Free will debate: What does free will mean and how did it evolve?

Interesting discussion in the scientific world on whether or not humans have free will. I guess its not only a Calvinism vs. Arminianism thing! I found this section interesting:

Arguments about free will are mostly semantic arguments about definitions. Most experts who deny free will are arguing against peculiar, unscientific versions of the idea, such as that “free will” means that causality is not involved. As my longtime friend and colleague John Bargh put it once in a debate, “Free will means freedom from causation.” Other scientists who argue against free will say that it means that a soul or other supernatural entity causes behavior, and not surprisingly they consider such explanations unscientific.

These arguments leave untouched the meaning of free will that most people understand, which is consciously making choices about what to do in the absence of external coercion, and accepting responsibility for one’s actions.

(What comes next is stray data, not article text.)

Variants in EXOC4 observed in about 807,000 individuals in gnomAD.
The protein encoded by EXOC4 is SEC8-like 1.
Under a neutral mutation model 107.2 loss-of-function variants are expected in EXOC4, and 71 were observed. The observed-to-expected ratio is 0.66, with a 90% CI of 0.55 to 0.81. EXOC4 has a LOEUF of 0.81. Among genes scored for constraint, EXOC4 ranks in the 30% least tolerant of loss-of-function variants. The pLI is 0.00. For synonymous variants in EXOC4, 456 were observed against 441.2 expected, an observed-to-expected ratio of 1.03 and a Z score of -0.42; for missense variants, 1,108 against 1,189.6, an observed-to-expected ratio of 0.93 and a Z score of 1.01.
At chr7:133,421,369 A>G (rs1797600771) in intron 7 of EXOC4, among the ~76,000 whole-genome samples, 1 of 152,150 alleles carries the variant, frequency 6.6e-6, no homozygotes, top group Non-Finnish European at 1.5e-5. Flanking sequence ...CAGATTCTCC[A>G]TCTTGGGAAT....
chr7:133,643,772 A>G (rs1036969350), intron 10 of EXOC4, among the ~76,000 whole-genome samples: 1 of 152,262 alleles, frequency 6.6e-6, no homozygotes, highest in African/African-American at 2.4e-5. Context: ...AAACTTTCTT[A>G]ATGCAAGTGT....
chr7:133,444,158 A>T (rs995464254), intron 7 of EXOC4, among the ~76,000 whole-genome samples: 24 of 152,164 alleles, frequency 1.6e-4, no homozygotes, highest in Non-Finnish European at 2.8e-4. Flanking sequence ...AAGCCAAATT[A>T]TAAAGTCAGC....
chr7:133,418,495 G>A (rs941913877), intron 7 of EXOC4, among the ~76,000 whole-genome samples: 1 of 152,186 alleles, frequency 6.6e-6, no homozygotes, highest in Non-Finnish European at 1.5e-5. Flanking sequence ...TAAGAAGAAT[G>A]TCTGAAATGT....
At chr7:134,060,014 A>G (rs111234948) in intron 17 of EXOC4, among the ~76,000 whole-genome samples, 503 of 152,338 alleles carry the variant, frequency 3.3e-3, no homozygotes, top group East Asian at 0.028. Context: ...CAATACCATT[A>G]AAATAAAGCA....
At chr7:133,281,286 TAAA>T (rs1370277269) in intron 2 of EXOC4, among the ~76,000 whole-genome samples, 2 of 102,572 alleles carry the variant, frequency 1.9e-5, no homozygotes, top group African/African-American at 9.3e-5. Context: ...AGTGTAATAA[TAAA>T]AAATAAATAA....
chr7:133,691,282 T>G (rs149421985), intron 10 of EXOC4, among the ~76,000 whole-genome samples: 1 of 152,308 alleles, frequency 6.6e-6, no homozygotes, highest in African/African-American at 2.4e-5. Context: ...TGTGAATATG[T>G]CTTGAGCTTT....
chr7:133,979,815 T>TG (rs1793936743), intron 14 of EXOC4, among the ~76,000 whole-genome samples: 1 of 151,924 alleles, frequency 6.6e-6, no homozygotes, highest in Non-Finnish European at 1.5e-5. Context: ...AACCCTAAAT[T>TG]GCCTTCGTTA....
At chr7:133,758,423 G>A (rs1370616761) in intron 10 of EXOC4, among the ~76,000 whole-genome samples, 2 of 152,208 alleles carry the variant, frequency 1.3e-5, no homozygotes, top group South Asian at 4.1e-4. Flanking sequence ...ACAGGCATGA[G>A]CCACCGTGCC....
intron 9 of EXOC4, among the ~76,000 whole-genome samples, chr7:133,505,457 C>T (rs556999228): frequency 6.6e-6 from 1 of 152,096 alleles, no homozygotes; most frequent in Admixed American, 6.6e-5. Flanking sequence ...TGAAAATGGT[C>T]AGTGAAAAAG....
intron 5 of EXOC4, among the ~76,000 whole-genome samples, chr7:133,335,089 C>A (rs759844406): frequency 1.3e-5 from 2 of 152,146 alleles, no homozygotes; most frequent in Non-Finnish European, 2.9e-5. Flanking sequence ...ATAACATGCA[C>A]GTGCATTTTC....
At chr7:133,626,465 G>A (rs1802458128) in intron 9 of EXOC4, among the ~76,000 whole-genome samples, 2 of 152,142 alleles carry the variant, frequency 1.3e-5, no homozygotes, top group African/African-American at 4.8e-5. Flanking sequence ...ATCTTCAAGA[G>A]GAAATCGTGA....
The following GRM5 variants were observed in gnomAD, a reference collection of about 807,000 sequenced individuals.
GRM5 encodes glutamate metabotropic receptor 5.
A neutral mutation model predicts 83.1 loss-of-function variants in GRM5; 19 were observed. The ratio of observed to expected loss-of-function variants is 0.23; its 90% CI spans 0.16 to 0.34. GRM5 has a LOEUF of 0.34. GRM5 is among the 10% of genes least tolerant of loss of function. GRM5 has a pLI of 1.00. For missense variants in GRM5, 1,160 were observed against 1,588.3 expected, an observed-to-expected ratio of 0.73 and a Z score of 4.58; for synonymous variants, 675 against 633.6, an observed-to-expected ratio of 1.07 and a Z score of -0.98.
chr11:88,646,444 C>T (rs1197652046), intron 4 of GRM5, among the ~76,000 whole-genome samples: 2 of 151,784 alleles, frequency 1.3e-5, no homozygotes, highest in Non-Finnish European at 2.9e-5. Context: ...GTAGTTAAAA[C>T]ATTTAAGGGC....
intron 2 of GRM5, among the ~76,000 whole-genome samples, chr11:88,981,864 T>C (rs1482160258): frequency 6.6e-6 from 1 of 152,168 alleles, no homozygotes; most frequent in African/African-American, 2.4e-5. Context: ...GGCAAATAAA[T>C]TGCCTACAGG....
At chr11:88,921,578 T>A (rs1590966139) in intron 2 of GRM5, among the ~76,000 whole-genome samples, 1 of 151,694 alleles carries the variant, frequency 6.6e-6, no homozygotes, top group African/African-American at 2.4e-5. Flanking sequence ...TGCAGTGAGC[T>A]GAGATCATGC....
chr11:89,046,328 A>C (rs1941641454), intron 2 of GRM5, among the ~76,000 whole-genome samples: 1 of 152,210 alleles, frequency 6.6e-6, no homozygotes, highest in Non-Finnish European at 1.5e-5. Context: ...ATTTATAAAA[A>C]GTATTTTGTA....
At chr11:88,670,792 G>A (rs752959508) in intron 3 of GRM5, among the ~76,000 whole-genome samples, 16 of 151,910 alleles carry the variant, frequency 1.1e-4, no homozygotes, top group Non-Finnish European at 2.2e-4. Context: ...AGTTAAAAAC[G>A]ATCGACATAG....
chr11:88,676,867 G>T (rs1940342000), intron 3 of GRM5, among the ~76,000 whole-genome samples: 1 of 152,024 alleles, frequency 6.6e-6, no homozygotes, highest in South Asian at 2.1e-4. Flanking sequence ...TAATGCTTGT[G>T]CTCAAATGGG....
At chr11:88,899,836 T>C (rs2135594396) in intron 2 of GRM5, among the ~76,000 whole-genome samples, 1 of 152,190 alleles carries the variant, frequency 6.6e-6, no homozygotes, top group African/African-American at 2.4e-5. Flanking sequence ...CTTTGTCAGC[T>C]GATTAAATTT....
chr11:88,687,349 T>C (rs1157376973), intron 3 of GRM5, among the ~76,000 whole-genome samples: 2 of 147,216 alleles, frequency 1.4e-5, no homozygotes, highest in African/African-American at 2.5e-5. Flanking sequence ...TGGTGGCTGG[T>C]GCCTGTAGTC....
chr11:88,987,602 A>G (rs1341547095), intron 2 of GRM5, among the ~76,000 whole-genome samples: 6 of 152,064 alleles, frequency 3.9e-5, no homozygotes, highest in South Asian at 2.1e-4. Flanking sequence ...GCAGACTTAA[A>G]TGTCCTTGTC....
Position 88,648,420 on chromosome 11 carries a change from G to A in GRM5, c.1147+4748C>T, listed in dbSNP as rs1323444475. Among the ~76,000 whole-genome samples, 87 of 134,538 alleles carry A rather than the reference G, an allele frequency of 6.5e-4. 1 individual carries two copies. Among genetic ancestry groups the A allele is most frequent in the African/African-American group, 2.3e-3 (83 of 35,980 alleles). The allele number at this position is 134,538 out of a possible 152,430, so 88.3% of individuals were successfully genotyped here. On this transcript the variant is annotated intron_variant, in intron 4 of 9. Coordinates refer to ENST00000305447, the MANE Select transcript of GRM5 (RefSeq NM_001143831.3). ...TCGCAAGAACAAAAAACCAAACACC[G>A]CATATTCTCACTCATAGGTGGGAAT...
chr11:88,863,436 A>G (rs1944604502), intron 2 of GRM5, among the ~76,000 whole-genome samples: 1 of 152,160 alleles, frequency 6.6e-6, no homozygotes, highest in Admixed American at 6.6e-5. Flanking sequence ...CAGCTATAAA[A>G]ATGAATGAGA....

The definition of free will given, “consciously making choices about what to do in the absence of external coercion, and accepting responsibility for one’s actions,” is one that certainly even the most ardent Calvinist would affirm. In other words, to exercise free will is to do what we desire at any given moment. Another interesting statement is that “Other scientists who argue against free will say that it means that a soul or other supernatural entity causes behavior…” So for some scientists, to say that a supernatural entity causes behavior is to actually affirm free will, as opposed to our choices being simply a byproduct of our chemical makeup and reactions within our bodies. Anyway, thought this was quite fascinating…you can read the entire article here:

Free will debate: What does free will mean and how did it evolve?.

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